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about foreign cultures. Following from my previous post, a few days ago I read the cover article in the current issue of The National Interest, “Wasting the golden hour in America’s Iraq meltdown,” by James Clad, who served in the US occupation authority in Iraq in the aftermath of the 2003 invasion (and, during the last two years of the Bush-Cheney administration, was Deputy Assistant Secretary of Defense for Asian and Pacific Security Affairs). An interesting insider’s perspective on what went wrong for America in Iraq and what could have been (my own ten years after assessment of Iraq is here). On the ‘what went wrong’—including, among other things, why Americans were so uninterested in Iraq during the US presence there—, I found this passage noteworthy

NEITHER RETROSPECTIVE nor early reportage comes close to an interesting complaint I heard from the ORHA military chaplain as staff on off-duty hours were watching escapist action films screened on the blank palace wall. “We are not a curious people,” said the chaplain. I’ve thought a bit about this in the intervening years. Whatever the arrogance of European imperialism, there were periods when that continent also took an interest in places that were being explored, mapped or invaded by Europeans.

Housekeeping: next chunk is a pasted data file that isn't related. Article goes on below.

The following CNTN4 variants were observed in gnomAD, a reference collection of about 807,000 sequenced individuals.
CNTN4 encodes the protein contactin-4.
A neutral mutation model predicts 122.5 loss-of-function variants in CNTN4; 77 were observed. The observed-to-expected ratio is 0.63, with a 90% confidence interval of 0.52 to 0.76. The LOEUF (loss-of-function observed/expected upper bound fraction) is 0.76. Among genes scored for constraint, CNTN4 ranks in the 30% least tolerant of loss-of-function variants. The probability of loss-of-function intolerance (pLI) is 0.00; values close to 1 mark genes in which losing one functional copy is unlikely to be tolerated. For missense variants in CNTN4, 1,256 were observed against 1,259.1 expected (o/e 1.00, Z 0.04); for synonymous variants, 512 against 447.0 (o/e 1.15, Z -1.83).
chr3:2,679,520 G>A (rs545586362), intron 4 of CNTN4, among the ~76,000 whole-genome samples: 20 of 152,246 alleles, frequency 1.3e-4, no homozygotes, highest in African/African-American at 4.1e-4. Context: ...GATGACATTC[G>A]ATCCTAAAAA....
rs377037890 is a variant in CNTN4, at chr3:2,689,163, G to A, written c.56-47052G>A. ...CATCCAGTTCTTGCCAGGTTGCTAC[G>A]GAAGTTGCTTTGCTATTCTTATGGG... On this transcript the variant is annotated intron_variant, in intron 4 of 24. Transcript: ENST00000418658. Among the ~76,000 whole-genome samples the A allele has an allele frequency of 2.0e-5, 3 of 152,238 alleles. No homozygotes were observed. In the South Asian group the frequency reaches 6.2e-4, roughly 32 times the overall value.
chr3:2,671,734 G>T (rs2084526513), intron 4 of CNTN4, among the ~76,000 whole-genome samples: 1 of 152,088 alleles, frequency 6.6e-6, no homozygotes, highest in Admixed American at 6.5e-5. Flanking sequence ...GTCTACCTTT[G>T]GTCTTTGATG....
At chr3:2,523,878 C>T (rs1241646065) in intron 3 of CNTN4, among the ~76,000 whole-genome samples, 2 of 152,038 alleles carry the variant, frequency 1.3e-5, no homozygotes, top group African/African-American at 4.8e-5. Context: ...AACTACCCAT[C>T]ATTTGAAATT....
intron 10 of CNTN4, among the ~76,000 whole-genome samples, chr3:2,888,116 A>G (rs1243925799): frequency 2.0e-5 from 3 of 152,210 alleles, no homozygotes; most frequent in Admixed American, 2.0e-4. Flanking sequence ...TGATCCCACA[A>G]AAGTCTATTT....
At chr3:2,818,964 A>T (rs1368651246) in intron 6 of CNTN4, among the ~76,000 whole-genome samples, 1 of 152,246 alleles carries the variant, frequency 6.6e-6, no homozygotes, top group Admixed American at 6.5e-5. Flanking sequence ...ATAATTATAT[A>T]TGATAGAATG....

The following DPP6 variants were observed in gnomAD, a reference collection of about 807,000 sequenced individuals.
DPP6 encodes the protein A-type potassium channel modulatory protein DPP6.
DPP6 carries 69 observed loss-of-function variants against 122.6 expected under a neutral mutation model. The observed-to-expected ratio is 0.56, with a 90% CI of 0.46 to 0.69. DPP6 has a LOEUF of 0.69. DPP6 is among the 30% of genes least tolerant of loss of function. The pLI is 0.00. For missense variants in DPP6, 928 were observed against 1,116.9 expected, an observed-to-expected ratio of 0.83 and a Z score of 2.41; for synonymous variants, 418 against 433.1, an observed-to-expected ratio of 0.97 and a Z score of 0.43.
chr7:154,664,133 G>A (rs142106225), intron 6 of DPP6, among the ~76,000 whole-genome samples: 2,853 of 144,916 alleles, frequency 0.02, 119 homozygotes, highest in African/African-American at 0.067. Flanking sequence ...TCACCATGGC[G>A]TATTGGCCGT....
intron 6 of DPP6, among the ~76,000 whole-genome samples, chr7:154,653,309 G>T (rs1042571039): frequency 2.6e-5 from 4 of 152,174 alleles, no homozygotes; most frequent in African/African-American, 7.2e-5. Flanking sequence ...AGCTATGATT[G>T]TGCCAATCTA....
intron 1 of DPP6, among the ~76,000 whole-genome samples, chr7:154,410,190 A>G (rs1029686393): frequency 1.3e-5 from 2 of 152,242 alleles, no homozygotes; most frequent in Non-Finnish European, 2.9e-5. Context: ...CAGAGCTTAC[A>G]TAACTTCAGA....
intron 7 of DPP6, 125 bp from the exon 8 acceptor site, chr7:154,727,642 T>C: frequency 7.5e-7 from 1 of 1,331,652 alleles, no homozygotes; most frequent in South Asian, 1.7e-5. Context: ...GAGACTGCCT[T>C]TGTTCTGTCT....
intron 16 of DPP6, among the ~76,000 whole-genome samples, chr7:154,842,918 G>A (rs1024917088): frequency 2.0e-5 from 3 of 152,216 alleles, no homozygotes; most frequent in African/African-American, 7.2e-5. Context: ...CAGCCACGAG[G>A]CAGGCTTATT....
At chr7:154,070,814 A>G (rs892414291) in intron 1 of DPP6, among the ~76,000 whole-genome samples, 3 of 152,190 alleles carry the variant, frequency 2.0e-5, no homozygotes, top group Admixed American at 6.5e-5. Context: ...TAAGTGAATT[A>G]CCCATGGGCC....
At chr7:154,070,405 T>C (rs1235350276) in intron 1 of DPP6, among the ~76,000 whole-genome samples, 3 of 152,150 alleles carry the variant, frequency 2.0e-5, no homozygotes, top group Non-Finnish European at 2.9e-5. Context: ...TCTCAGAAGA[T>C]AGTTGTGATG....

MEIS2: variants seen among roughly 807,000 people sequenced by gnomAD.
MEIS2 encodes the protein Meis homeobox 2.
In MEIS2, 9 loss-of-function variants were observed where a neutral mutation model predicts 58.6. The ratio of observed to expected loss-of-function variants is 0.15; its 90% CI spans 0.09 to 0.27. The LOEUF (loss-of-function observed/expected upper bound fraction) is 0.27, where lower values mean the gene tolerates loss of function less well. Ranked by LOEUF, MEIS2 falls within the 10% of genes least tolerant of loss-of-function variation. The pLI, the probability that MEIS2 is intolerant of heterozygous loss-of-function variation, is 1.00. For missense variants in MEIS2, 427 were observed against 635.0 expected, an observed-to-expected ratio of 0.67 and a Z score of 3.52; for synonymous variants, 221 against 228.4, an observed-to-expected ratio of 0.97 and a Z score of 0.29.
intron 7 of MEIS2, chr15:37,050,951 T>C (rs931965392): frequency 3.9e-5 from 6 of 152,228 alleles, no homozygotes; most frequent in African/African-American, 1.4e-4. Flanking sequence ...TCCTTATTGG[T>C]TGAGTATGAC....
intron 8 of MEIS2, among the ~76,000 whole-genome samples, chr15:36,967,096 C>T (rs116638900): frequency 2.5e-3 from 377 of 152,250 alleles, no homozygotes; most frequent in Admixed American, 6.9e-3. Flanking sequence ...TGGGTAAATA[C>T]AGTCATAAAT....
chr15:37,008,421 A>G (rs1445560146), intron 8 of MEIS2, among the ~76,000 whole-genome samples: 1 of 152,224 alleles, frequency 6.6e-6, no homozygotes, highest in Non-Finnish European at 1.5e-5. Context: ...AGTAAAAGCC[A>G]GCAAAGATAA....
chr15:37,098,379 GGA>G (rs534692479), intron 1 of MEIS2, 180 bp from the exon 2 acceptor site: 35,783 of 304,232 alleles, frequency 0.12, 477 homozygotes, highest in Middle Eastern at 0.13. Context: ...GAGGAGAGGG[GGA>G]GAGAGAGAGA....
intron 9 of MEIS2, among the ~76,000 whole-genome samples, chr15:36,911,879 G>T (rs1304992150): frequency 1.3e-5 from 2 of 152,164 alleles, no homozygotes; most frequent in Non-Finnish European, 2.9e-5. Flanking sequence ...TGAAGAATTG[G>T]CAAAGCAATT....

Consider Alexander in Persia, Napoleon in Egypt or the British in Asia. In just a three-year occupation of Java in the early nineteenth century, the governor wrote a two-volume encyclopedia about the place. What set these conquests apart from other depredations, aside from blood and the overwhelming of subject territories? I think the answer is “curiosity.”

Back in World War I, the British Indian Army took four years to get from Basra to Baghdad. Mishandling the aftermath led to a revolt in 1920–1922. But an abiding reality of that experience, apparent in the writings of T. E. Lawrence, Gertrude Bell and others influencing British policy, was an insatiable curiosity about the place. Earlier European archaeological discoveries, in Nineveh and Ur before the First World War, had become common knowledge. Even if we call this “Orientalism” and steeply discount it for abundant European condescension, the British in Mesopotamia, like the French in Egypt a century before, at least realized they had shot their way into a very deep place. The British knew Iraq held claim to the world’s earliest literature, the earliest crop-rotation schemes and organized city-states. After a week’s diet of Hollywood sitcom films and other escapist fare, the chaplain sought to locate BBC or National Geographic documentary films about Arabia and about Iraq’s history and archaeology.

But the chaplain, to put it gently, was out of sync with staff preferences. In the same week, Garner commented about ORHA staff spending time “sending e-mails to each other, instead of getting out and learning something about the place we’ve just taken over.”